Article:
Tata-SIA airline is expected to start operations in October.

Roni admitted that he has no aggressive plans to add planes. GoAir would add only one plane in next 12-18 months. “We cannot compete with bigger airlines at this point. If the market is not growing, why should I add planes? Let us remain small but profitable," Roni reiterated.

Experts pointed out that GoAir’s strategy of focusing on metro routes is also helping.

“GoAir has put more flights into metro routes, that are cash cows. It has also smartly selected metro to non-metro routes that can get better yields by offering stimulating fares," said a senior airline executive from a competing airline, requesting anonymity.

Roni, however, says the focus on metro routes has waned over time. “At present, we have 24% of our flights on metro routes, 70% on metro to non-metro and 6% on non-metro routes. Moreover, we are getting better revenues from non-metro routes compared with metro routes," Roni said.

GoAir is increasing the aircraft utilization to 13 hours a day compared with an industry average of 11 hours. Roni said GoAir will start taking delivery of 72 fuel-efficient Airbus A320neo planes from 2016.

“We have already made pre-delivery payments (PDP) for these airplanes, that will save 15% of fuel. We will take seven in 2016 and 10 in 2017. All these 17 planes will be acquired through the sale and lease back model to cut costs to the company," he said.

In June 2012, GoAir had placed an order for 72 A320neo planes for $7 billion.

GoAir is also actively in talks with foreign airlines for a possible equity stake sale. “We are looking for a strategic partner. We are in talks with foreign airlines for a foreign direct investment," Roni said without disclosing the names of the airlines. The Indian government had permitted foreign airlines to invest up to 49% in Indian airlines. Etihad Airways PJSC had bought a 24% stake in Jet Airways after the government’s decision.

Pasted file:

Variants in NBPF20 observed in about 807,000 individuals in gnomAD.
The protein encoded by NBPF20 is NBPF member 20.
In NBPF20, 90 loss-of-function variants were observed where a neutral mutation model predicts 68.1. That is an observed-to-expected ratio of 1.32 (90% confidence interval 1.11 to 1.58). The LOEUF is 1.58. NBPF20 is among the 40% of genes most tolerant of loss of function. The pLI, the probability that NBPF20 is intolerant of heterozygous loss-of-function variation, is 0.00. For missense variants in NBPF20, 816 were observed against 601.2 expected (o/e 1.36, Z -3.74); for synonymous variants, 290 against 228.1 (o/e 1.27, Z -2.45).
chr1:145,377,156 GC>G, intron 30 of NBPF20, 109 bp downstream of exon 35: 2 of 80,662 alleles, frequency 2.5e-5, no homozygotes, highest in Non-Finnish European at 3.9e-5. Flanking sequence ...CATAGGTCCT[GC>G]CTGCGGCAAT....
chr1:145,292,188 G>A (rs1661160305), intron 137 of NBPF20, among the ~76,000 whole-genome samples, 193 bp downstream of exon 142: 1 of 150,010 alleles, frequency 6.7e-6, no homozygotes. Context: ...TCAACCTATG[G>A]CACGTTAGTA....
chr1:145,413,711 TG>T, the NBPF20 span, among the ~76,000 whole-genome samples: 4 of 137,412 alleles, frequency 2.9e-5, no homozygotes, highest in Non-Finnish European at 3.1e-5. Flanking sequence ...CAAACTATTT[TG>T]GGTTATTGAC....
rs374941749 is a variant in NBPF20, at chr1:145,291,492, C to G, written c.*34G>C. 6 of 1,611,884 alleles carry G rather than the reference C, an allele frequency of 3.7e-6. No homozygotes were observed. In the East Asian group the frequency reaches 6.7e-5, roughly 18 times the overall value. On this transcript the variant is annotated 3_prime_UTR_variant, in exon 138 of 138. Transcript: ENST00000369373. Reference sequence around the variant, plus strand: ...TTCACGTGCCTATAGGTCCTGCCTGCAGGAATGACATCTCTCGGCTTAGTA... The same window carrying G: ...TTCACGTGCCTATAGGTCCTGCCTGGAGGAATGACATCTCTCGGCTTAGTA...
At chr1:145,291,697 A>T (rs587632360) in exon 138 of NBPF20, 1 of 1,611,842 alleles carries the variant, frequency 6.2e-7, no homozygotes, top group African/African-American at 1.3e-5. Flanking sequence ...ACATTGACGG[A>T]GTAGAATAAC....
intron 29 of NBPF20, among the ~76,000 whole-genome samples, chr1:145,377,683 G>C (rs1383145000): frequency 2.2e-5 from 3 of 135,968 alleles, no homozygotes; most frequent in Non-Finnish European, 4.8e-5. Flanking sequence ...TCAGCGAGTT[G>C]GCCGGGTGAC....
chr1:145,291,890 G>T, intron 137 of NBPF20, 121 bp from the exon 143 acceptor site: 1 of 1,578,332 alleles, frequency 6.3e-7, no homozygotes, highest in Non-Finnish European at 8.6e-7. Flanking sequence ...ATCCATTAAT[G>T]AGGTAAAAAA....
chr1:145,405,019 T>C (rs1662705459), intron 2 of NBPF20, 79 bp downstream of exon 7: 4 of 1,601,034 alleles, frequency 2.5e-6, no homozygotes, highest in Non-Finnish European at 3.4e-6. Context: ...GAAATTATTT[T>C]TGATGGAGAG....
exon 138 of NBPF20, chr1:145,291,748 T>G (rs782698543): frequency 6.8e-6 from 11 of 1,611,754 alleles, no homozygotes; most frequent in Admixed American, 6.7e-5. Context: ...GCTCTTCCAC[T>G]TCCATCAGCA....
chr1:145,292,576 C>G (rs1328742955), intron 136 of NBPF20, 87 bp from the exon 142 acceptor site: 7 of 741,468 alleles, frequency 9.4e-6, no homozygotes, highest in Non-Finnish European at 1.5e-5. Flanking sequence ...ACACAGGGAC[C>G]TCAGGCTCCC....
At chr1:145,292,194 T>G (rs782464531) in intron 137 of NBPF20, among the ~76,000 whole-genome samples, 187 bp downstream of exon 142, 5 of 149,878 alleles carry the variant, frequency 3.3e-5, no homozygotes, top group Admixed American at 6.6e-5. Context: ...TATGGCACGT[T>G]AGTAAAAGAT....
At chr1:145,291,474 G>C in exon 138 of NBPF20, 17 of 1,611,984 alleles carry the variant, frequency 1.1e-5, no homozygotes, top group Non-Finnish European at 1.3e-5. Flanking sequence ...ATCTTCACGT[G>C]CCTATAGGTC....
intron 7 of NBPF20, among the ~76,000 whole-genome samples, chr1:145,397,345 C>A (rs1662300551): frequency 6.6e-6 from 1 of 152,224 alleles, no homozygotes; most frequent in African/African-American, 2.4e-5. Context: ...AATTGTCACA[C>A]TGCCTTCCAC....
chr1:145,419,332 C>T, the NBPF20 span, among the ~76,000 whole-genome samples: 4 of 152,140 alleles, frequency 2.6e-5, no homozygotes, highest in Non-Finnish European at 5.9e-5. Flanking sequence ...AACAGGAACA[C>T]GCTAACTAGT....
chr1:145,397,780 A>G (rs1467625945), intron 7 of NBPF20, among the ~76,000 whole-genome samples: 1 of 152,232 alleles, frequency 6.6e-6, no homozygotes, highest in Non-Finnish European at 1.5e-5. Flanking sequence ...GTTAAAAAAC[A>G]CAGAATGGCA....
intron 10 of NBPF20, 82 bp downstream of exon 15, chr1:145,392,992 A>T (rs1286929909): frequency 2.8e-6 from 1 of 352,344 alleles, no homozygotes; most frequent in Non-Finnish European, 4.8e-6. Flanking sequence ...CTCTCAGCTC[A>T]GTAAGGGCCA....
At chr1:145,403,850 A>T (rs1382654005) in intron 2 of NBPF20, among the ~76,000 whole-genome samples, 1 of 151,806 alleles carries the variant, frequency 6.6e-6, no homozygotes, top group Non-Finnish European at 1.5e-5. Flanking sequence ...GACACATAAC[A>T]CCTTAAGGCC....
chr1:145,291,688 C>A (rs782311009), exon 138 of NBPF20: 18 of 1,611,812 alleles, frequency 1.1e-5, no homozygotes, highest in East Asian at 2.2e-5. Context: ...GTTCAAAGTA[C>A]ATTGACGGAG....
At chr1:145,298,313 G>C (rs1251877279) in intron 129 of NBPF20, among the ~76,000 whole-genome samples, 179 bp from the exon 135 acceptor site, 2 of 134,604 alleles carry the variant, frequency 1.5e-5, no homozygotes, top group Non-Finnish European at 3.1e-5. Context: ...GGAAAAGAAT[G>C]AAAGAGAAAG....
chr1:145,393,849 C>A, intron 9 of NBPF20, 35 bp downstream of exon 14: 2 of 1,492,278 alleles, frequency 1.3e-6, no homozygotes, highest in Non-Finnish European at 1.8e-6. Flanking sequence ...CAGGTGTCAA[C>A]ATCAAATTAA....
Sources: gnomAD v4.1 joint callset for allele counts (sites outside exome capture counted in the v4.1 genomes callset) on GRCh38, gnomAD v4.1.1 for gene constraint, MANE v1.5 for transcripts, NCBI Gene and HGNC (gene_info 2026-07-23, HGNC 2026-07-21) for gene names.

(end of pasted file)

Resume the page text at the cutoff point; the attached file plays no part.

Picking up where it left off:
Roni said GoAir would be applying to the ministry of civil aviation to fly overseas as soon as it takes delivery of the 20th plane. According to government regulations, a domestic airline will have to complete five years of operations and have 20 planes to qualify for flying abroad. He said GoAir was keen to fly to West Asian countries and neighbouring countries to begin with.

However, the airline executive quoted above cautioned that GoAir may not be able to sustain the current profitability as it starts taking the delivery of more planes and competing with other airlines.

Craig Jenks, president at New York-based consultancy firm Airline/Aircraft Projects Inc. said it would be a tough task for GoAir to scale up from 19 planes.

“Anything can wrong in the civil aviation industry. The secret is to keep the business model simple and flexible. We will be trying to do that," Roni added.